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X-MEN: APOCALYPSE Pyramid Scheme


Directed by Bryan Singer
Starring James McAvoy, Michael Fassbender, Jennifer Lawrence

X-Men: Apocalypse moves the X-Men franchise forward into the decade of Reganomics and MTV. Carrying on from the continuity reboot of Days Of Future Past (which managed to meld the worlds of the 2000 X-Men and X-Men: First Class, while simultaneously wiping the slate clean), we are introduced to a world ending threat from the dawn of civilisation.

It has been 10 years since mutants became public knowledge with Magneto’s (Michael Fassbender) spectacular failed assassination attempt on the president. Since that time the world has at face value become more accepting of mutants, but prejudice and hatred still lie below the surface. Xavier (James McAvoy), Mystique (Jennifer Lawrence) and Magneto, have all split apart to various corners of the world and established their own lives.  When the world’s first born mutant, an ancient god-like being known as Apocalypse (Oscar Isaac), is awakened from a millennia of slumber, the world is threatened with destruction. To stop him, a new group of Xavier’s students must join forces with the old guard to take up the fight.

Strangely enough for the first full film set in the temporally rebooted X-Men universe, this is just as weighed down with lore as you would expect from without the reboot. X-Men: Apocalypse is forced to divide its time amongst the older First Class characters, the new blood students, and the villainous Apocalypse, causing the movie to bloat out to two-and-a-half hours. For all that time there is precious little story here and even less character motivation (especially amongst the Horsemen of Apocalypse).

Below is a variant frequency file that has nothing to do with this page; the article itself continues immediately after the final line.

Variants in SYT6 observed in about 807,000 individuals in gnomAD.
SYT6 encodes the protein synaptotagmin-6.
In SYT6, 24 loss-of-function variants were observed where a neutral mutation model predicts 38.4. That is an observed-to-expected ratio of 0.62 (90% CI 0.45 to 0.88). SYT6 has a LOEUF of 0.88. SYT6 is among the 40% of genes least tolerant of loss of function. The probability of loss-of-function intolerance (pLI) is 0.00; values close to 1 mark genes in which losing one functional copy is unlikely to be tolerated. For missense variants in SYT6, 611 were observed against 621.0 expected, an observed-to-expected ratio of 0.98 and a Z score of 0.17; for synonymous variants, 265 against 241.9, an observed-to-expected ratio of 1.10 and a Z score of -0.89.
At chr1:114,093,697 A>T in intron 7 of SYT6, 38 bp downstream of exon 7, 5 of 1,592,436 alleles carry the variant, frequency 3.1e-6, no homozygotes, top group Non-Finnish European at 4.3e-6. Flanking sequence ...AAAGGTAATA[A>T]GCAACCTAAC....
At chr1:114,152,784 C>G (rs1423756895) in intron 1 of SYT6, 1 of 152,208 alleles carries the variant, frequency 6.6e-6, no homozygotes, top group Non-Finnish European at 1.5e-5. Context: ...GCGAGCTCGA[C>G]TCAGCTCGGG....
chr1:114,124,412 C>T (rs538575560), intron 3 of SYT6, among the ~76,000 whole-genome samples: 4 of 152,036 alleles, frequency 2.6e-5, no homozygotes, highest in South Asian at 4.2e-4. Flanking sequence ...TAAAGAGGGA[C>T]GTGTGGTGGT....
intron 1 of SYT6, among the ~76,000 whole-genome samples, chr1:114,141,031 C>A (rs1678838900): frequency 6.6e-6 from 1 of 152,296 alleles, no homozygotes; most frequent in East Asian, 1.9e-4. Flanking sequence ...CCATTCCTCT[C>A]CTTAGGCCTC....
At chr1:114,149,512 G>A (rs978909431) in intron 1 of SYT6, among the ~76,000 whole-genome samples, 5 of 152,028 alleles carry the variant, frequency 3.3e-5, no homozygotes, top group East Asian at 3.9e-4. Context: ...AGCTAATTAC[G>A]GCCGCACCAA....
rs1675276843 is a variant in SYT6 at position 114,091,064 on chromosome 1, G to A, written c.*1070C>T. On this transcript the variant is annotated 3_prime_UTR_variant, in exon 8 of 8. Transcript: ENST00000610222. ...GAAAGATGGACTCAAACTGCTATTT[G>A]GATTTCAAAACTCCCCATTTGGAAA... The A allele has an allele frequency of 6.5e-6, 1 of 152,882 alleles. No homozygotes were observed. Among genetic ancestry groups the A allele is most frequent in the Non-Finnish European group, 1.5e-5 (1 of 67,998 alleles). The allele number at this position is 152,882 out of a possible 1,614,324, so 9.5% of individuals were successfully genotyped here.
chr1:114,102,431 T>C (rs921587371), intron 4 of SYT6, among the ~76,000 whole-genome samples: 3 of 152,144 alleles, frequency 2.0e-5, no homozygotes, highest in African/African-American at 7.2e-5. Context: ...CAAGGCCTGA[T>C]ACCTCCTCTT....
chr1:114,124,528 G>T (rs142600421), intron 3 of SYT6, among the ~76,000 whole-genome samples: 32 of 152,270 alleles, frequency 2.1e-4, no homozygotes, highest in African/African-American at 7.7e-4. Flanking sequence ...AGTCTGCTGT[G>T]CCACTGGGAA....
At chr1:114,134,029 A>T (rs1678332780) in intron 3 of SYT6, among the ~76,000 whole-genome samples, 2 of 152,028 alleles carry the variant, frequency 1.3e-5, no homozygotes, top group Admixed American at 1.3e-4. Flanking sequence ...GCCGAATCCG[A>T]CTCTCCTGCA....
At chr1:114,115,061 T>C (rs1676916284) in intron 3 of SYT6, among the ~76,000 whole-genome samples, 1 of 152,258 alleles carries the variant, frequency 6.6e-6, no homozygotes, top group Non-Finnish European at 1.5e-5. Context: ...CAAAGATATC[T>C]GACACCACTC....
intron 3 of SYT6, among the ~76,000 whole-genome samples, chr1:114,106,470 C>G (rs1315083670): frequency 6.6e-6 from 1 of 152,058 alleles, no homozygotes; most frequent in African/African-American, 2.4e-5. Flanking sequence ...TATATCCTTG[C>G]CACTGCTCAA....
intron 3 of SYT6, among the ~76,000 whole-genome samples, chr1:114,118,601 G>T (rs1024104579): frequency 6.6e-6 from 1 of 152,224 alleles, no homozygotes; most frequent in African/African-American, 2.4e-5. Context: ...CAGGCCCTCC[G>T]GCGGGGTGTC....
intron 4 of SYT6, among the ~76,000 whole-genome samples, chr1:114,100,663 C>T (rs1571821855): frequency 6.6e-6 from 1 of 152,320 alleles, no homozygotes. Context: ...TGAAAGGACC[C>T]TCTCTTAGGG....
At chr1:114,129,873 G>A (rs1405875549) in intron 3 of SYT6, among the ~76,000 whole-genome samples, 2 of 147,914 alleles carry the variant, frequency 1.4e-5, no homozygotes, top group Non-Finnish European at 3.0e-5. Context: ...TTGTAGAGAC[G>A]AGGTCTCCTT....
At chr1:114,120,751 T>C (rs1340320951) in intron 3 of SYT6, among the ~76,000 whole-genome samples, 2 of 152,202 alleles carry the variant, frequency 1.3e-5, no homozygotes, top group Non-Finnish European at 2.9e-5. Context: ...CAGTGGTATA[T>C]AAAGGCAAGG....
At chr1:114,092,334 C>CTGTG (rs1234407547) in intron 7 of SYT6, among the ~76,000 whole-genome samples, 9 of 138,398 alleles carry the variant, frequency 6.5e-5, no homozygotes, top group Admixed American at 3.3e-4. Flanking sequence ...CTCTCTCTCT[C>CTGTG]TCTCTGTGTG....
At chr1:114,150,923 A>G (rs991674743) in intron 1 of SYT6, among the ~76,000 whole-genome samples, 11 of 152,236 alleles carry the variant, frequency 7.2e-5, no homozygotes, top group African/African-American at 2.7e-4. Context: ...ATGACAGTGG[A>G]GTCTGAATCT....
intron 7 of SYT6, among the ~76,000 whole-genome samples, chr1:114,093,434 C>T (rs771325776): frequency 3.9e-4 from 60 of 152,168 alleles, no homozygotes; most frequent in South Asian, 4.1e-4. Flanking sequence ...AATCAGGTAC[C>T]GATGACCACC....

Instead X-Men: Apocalypse is all about the flashy set pieces. CG sets fly apart in a display of beautiful particle physics, as world-destroying powers are unleashed and the X-Men battle for the fate of humanity. It is pure spectacle, disaster porn that would do Roland Emmerich proud.  There is little emotional attachment to the images on display, as like the ’80s setting itself, everything is just comic-book set dressing for the no holds barred pitched battle of the final act.

All of which sounds disastrous, but that is being slightly unfair. X-Men Apocalypse is an average example of the superhero genre. No more, no less. Its set pieces and fight sequences are solid, it has numerous nods to fans, a strong ensemble cast, and it maintains the tenuous links to both X-Men properties. It delivers exactly what fans would expect from it, just don’t wish for more.


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